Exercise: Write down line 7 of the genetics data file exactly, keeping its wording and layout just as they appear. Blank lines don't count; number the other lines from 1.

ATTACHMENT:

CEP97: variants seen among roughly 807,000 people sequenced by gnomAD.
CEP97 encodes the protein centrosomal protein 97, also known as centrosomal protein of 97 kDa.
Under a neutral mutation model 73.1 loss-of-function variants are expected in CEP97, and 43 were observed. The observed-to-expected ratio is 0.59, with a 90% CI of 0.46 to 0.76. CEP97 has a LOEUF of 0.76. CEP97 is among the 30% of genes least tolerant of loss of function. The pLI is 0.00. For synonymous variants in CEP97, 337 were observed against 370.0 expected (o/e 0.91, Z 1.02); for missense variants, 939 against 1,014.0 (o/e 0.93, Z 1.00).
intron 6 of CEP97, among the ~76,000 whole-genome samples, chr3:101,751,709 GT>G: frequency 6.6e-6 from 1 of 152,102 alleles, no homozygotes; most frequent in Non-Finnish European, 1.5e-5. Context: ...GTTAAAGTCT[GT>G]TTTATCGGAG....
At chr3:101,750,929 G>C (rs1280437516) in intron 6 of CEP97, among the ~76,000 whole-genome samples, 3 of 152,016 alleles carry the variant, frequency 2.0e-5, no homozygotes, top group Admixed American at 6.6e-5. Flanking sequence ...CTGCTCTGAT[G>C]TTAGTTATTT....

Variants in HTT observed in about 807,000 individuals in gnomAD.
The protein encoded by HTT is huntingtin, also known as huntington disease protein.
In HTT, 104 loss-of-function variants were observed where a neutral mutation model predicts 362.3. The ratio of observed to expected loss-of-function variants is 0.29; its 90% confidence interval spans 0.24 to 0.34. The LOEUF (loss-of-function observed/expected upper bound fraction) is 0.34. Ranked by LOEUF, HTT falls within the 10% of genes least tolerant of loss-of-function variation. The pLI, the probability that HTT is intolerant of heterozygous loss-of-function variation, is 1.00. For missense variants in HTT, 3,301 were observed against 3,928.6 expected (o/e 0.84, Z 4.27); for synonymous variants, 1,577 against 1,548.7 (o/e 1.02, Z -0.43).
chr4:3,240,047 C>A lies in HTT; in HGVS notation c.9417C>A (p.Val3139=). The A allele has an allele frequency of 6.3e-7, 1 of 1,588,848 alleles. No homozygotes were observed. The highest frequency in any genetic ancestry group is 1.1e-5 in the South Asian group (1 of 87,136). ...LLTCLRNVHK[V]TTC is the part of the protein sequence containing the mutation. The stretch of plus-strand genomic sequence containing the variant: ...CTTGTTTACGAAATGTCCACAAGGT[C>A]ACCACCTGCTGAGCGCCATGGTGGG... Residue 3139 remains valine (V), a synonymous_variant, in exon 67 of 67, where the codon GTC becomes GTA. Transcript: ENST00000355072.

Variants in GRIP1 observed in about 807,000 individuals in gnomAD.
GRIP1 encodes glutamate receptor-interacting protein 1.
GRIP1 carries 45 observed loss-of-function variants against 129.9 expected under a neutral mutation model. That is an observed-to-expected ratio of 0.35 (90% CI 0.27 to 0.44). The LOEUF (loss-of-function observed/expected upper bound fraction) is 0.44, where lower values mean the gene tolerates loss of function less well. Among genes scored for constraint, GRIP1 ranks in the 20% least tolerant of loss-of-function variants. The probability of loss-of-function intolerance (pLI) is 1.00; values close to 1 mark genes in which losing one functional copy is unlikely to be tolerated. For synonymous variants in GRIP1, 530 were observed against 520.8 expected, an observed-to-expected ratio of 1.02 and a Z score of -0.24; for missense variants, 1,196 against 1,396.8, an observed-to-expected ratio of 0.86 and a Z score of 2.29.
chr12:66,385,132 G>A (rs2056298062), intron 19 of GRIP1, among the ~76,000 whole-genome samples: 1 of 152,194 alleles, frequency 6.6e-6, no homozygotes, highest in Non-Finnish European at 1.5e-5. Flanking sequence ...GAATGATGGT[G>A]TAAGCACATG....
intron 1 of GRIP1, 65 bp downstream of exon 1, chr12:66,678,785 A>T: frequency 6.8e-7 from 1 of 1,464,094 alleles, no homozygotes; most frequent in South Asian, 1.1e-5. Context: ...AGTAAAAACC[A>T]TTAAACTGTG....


The protein encoded by HTT is huntingtin, also known as huntington disease protein.